Lisa Jernigan, a registered nurse who has operated a private case management practice for more than 24 years, is using the science behind the mood ring to develop a product designed for early detection of pressure ulcers — bed sores — and other tissue necrosis before damage is visible to the naked eye.

Jernigan says her idea grew from a nagging concern that the blanching method of assessment for pressure ulcers — pressing on the skin to see if it lightens briefly — didn’t work well, particularly with African Americans and others with dark skin. 

Jernigan’s product employs a thermotropic liquid crystal, which means the order of its components is determined or changed by temperature.

 The thermotropic liquid crystals are combined with soap or lotion. When applied to the skin, it creates an instant response that shows temperature differences with varying colors, showing where a pressure ulcer may be forming under the skin. 

Jernigan says the same product is also designed to detect frostbite, undetected chemical burns, venous stasis necrosis (ulcers occurring from poor circulation, which are a risk for diabetics) and potentially tumors.

“Right now I am working to get the formula optimized and fine tuned so we can produce a proof of concept,” she says. “I have a patent and a pending contract with the University of South Alabama.”

Once the formula is optimized, Jernigan says she “hopes to work with a big wound care company to produce the final product through lotion or soap.”

Elite-Florence

Elite-Medical, a Bartlett, Tennessee-based medical device manufacturer, opened its latest operation in Florence last January, to allow the company to meet the increasing demand for medical devices used to treat bone and joint problems and to develop new products.

Bone and joint health problems are the leading cause of disability in the United States and account for more than half of all chronic conditions in people over 50, according to the American Academy of Orthopaedic Surgeons. In addition, the academy says, the demand for knee replacements will increase 674 percent through 2030 and the demand for hip replacements will increase 174 percent through 2030.

“Our first piece at Elite-Florence was manufactured on Jan. 26, 2015,” says Tim Hanson, chief executive officer at Elite-Medical. “Regular production started March 2015. We manufacture medical devices for spine, large joints, small joint and the extremity space.”

“Florence has a great history in the manufacturing arena, dating back several decades. We feel the existing skill and talent pool will dovetail with what we are planning to accomplish over the next five years and beyond.”

The Official Word

The United States is the largest medical device market in the world, at about $110 billion, and it is expected to reach $133 billion by next year, according to the U.S. Department of Commerce. And an increasing number of Alabama companies are gearing up to make their mark on the growing industry.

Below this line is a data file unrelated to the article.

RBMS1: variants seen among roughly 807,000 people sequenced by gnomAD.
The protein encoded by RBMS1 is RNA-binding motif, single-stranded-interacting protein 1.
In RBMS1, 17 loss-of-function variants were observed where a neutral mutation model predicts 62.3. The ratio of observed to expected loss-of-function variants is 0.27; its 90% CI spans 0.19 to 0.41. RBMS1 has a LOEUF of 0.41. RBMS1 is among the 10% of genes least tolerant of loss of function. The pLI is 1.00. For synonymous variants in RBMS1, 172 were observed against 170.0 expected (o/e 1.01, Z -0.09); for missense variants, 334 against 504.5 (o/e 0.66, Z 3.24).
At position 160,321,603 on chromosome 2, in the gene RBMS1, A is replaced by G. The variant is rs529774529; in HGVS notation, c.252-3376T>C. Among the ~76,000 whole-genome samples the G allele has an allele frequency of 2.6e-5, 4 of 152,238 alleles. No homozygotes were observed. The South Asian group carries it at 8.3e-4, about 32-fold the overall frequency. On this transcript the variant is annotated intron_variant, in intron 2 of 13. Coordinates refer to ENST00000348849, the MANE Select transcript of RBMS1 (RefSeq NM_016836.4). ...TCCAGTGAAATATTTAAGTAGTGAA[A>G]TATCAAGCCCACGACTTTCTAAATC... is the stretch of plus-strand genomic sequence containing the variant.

“The entire bioscience ecosystem is growing in importance across Alabama, which is now home to more than 550 firms in biotechnology and the life sciences, as well major research clusters in Birmingham and Huntsville,” says Greg Canfield, secretary of the Alabama Department of Commerce.

 “Alabama is playing a larger role in the development and production of medical devices as new investment comes into the state from companies establishing R&D centers and from manufacturers expanding their activities. The level of innovation taking place at Alabama research organizations is also fueling this growth,” Canfield says. 

Canfield points to the Alliance for Innovative Medical Technology (AIMTech), the partnership between the University of Alabama at Birmingham and Southern Research, as an example.

“Working together through AIMTech, the two organizations will develop new medical devices that will improve the lives of people around the world,” Canfield says.

The Alabama Innovation Fund, a program administered by the Alabama Department of Commerce, awarded the AIMTech partnership a $164,800 grant to advance work on a device that allows individuals with gait and balance disabilities to safely train on a treadmill. 

In addition, “Evonik’s decision to locate its global innovation center in Birmingham demonstrates the depth and sophistication of medical technology research taking place in Alabama. This R&D center focusing on medical devices and technology will contribute to advances in patient treatment and enhance Birmingham’s reputation as a center for technology and innovation,” Canfield says. 

Bill Gerdes and Dennis Keim are freelance contributors to Business Alabama. Gerdes is based in McCalla and Keim in Huntsville.

Add your comment:
Edit Module
Edit Module
Edit ModuleShow Tags

Edit Module